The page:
Day 4 started well at 7:30; but 18 miles in we ran into a stretch of trail with downed trees as far as we could see.  After three different attempts to find a way around, we bailed out to the last main Forest Service road and descended East to Hwy 395. We then turned North and drove about 10 miles to the town of Seneca where we gassed up and rejoined the route in section three.  Departing Seneca at 10:30 a.m, we started into the Blue Mountains and the Mahleur National Forest. After a brief stop for lunch, we pressed on and after fording the Mahleur River, we stopped early for the day along the North Fork of the Mahleur River at a pleasant little campground alongside the river. Total for day four was 97 miles.

Started out at 7:00 a.m. on day 5 by fording the river. Around 9:00 a.m. atop Table Rock.  The final ascent was rather steep, but nothing like the other side (straight down.) We were afforded a spectacular view, but we didn’t stay long because of the wind and temperature. Continuing onward, we arrived in Unity, OR for gas and lunch about 11:00 a.m.  4:00 p.m. saw us in the town of Sumpter, OR where we toured the old gold dredge.  We hit the road again and finally stopped for the evening at about 6:00 p.m.

We woke up to frost on our gear the following morning.  As were were only a few miles from Granite, OR, we decided to skip breakfast and head directly into town.  Arriving in Granite, we discovered that the store wasn’t open yet and the gas pump only had premium gas (at an outrageous price,) so we decided to take the highway back to Sumpter.  That went well until we ran into road work and flaggers.  After waiting awhile, we were able to continue into Sumpter.  The gas station there wasn’t open yet either,  but we stopped for a nice breakfast at a restaurant that WAS open.  Upon finishing our meal, we gassed up and sped back up the highway, this time avoiding a wait in the construction zone. Back on the route at 9:00 a.m., we stopped at the Fremont Powerhouse a few minutes later.  The powerhouse was in operation from 1908 until 1967. It provided electricity to Granite and Sumpter as well as power for the gold dredge.  Water for the turbines was brought from Olive Lake, seven miles away, in wooden pipes.

At Noon, we stopped for lunch along the John Day River, Afterward, we followed the river for several miles before climbing out of the valley.  About 70 miles later, we ventured onto Interstate 84 and drove into the city of La Grande, OR for gas and dinner at a chinese buffet. After our meal, we split for the evening.  Jim Watson decided to leave the group due to concerns over a slice in one of his tires and the possibility of rain on the following day.  Neal and Marian decided to look for a free campsite (which they found nearby).  The rest of us decided to luxuriate in a motel.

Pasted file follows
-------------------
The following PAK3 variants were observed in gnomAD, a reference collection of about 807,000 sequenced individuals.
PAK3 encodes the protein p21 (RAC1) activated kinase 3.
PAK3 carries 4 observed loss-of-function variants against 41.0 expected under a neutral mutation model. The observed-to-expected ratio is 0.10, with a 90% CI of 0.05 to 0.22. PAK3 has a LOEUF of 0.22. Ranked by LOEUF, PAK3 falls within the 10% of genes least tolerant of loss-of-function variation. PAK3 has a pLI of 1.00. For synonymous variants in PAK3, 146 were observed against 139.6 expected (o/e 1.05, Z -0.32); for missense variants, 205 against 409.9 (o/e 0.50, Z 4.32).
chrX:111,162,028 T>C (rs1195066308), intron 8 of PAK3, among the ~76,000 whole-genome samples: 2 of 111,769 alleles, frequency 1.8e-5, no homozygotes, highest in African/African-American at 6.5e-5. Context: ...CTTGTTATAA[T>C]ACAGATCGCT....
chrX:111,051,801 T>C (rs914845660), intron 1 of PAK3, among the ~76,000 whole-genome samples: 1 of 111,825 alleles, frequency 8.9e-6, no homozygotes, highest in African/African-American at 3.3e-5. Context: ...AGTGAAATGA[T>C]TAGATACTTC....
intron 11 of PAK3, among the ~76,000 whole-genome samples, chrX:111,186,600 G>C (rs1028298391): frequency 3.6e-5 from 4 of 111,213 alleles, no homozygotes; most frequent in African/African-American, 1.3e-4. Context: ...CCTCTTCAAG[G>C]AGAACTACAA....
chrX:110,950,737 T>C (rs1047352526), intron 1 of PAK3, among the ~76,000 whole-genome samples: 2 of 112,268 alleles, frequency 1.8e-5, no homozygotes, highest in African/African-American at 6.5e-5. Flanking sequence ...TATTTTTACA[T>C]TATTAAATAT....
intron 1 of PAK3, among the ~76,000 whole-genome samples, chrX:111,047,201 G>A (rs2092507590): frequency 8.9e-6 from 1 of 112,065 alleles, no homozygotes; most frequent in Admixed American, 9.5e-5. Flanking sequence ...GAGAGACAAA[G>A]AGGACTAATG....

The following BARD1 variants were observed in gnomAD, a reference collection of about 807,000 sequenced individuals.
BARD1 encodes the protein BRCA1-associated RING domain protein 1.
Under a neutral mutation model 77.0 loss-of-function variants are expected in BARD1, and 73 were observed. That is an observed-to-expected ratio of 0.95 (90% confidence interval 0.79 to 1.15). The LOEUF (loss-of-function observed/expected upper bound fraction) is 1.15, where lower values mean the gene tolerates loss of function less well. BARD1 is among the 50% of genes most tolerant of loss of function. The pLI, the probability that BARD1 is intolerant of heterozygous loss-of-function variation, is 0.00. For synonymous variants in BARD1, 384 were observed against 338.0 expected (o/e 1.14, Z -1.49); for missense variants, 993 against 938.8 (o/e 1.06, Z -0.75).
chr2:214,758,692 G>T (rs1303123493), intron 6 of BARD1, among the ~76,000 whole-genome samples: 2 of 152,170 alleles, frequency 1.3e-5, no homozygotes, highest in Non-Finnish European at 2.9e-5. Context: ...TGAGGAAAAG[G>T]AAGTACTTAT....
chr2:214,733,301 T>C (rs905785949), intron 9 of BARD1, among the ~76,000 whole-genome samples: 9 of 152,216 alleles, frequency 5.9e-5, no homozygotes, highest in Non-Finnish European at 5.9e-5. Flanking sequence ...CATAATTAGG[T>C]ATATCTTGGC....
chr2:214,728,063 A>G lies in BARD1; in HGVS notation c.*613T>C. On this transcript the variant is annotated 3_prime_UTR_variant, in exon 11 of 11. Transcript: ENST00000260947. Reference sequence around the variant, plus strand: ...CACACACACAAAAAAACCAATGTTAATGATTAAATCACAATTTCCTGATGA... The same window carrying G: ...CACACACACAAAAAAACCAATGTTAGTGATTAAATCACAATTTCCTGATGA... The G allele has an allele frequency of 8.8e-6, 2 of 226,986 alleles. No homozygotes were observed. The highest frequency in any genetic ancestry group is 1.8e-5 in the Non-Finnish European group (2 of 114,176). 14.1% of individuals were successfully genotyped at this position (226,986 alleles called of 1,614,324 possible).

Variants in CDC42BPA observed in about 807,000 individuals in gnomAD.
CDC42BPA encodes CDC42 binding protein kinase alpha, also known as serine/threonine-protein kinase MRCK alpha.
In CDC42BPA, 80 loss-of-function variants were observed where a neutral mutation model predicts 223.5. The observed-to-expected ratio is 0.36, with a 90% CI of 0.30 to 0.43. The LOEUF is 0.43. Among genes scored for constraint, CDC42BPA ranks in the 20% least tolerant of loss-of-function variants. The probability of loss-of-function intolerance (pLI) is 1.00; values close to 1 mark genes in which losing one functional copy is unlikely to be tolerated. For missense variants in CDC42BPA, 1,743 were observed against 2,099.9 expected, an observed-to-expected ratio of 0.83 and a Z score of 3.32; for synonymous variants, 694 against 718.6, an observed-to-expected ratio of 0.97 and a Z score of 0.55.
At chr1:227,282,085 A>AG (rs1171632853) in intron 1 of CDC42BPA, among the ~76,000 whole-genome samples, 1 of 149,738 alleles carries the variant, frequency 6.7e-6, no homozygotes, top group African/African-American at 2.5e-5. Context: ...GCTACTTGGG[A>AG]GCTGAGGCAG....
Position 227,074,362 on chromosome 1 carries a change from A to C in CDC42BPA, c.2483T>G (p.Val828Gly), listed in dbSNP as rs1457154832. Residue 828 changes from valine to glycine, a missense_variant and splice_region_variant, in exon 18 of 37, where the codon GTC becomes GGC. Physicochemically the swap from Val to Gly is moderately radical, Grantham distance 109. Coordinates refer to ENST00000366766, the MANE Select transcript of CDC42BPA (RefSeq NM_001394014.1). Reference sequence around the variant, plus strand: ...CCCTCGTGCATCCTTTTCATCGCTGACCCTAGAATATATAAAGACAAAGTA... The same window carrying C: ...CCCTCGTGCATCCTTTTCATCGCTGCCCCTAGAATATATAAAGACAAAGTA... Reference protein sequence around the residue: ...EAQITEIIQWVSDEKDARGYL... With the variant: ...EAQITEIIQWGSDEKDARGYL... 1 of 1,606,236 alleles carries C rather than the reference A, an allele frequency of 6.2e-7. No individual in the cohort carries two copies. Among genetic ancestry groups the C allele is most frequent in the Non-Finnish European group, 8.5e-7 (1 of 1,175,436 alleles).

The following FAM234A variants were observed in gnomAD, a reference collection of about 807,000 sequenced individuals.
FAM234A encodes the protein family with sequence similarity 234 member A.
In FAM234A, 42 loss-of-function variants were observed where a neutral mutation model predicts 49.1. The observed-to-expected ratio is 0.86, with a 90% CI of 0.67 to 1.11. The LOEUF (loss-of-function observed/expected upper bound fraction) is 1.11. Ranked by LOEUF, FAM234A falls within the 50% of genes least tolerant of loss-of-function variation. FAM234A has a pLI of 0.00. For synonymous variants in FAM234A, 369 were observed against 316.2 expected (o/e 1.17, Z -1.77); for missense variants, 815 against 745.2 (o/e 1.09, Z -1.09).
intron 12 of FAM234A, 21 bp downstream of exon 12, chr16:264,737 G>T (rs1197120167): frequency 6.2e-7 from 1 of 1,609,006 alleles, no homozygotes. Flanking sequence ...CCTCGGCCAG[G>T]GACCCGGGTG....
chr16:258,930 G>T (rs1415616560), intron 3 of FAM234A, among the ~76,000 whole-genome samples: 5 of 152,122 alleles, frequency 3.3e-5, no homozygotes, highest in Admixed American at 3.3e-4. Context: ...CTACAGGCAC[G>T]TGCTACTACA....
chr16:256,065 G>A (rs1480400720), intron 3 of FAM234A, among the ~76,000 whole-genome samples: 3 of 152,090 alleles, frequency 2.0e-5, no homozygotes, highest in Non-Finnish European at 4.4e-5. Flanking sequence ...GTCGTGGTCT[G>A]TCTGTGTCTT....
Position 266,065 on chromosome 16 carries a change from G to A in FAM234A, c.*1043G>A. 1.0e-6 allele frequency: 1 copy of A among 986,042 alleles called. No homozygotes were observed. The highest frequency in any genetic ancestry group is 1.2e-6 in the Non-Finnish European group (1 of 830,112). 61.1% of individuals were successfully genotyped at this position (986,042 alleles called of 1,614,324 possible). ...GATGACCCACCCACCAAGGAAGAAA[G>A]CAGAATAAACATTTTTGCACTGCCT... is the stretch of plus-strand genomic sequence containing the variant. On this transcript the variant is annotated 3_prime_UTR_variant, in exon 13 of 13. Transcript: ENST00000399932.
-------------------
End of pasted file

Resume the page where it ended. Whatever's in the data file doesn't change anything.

175 miles covered for the day.

Our remaining group met for breakfast at 8:00 a.m. at Denny’s. Leaving La Grande at 8:30, we drove back to the route and started back onto dirt about 9:00 a.m. (at which point the rain started.)  Fortunately, the rain was light and intermittent which did wonders knocking down the dust. The first 25 miles was on excellent gravel roads along the rim of the Grande Ronde Valley. We had excellent views that were somewhat spoiled by the clouds.  We got back on pavement for about 20 miles taking us into Tollgate, OR.  After a quick pit stop in Tollgate, we carried onward hitting dirt again a few miles later.  We traversed an area that was being logged with a few slippery places due to the road being churned up by the logging trucks. The final few miles in Oregon were over good gravel roads as we wound down out of the Blue Mountains toward the Washington border.  The final stretch into Walla Walla was on pavement.  We arrived at our destination at about 2:15 p.m. and after final good byes, we all went our separate ways.  Mileage for the day was 110 and our total mileage was just over 900 miles including our side trips for gas.

~ Bill Powell

Photos by Julie Smith

and Bill Powell